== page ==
Obamacare Drama: Democrats Meet With President, Express Concern

President Obama is no stranger to Republican opposition, but after a major struggle to effectively implement the Affordable Care Act and utilize Healthcare.gov, his own party is beginning to express serious concern. On Wednesday, 16 Democrats in the Senate met with the president, Vice President Joe Biden, and other senior White House officials to encourage a speedy fix to the faulty health care website.

“The American people are frustrated with the White House’s botched rollout of the Affordable Care Act, and I am too,” Arkansas Sen. Mark Pryor told Politico. “In today’s meeting, I told the President and Vice President three things: 1) fix the website immediately 2) address the problems with the law and 3) hold the individuals in charge accountable for these mistakes. I won’t let up until these problems are fixed.”

The 2014 midterm elections aren’t too far off in the distance, and those seeking reelection are worried that all of the Obamacare hiccups will impact their chances. As the LA Times reports:

One Senate aide, who asked for anonymity to discuss the private conversation, said it was clear the White House knows it has a "messaging problem," but not that it has "any immediate fixes to it, which was disconcerting."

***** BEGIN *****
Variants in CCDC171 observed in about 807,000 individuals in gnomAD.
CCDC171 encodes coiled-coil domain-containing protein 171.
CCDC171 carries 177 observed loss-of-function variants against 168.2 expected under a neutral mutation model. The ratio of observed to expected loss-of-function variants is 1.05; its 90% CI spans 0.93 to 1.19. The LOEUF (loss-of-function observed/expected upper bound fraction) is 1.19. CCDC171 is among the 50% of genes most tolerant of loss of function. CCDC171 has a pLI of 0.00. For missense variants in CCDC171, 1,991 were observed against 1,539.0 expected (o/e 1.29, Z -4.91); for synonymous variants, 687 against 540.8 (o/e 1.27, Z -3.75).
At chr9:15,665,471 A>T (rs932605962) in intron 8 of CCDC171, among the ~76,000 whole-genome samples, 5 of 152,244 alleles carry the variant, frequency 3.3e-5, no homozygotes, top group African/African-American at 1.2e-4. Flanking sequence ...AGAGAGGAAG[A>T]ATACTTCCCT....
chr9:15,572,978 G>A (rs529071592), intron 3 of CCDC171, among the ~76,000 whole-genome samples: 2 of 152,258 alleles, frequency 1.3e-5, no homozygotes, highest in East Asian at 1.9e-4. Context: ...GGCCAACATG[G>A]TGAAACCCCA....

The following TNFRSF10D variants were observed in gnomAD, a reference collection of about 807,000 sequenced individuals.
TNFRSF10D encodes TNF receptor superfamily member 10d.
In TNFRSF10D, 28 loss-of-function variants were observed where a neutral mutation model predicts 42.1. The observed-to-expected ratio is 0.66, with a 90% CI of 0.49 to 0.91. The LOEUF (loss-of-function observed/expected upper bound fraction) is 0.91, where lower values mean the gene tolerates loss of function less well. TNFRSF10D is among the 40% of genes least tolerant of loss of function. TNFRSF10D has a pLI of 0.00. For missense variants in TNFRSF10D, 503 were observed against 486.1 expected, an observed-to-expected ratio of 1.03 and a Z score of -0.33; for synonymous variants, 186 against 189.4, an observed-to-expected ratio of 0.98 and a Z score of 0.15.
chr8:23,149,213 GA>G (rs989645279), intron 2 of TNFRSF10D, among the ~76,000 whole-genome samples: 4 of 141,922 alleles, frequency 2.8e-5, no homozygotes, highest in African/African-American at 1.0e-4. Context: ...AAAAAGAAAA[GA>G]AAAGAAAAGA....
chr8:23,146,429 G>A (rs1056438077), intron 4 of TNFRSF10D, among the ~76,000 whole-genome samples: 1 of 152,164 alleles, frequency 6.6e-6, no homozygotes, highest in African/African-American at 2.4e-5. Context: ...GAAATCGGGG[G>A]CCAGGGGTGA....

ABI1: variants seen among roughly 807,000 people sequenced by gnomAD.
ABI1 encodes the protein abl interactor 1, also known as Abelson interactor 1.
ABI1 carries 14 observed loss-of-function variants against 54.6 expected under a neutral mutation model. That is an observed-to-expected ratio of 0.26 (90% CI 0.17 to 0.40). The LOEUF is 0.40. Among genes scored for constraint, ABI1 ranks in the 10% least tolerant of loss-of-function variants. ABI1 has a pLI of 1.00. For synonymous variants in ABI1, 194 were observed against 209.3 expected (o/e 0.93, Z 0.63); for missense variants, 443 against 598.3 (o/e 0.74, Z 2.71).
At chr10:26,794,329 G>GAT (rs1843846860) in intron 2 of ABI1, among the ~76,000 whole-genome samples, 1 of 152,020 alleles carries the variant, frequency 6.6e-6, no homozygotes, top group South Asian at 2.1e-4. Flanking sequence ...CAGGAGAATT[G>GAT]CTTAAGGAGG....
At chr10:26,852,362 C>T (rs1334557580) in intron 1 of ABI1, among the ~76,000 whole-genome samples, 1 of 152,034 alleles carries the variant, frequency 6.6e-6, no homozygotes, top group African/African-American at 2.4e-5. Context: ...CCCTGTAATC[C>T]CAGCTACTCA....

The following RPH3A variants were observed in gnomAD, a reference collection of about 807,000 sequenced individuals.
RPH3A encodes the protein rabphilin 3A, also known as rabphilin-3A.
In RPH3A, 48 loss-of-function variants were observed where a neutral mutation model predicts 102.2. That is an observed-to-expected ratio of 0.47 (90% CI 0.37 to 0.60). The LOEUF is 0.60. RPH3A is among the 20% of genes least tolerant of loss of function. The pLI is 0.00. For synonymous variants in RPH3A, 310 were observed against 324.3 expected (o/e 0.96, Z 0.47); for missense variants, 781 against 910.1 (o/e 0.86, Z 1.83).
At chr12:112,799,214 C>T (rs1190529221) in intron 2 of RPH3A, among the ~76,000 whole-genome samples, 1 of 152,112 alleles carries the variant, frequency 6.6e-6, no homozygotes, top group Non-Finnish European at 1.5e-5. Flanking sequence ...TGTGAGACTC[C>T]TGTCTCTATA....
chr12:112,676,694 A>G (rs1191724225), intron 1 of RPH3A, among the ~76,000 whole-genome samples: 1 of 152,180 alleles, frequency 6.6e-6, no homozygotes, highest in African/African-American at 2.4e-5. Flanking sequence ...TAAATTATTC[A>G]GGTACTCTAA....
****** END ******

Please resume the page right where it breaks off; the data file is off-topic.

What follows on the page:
Obama advisors are fighting a crisis of faith among Democrats as they try to muscle the marketplaces through the rough patch and into widespread use. Already, 11 Senate Democrats have signaled their support for extending the enrollment deadline, a delay that administration officials fear could lead to an unraveling of the larger policy.

White House Chief of Staff Denis McDonough has personally led efforts to reassure balky Democrats, traveling to Capitol Hill and routinely talking with those up for reelection in 2014. But nervousness remains.

Jay Carney, White House Press Secretary, told CNN the president isn't worried about the Affordable Care Act turning into a liability for Democrats running in 2014.

“He’s not concerned about the politics of it,” said Carney. “He obviously campaigned on it in 2008. He fought hard to get the legislation passed in 2010. The president believes that delivering of access to affordable and quality care is policy that makes good politics.”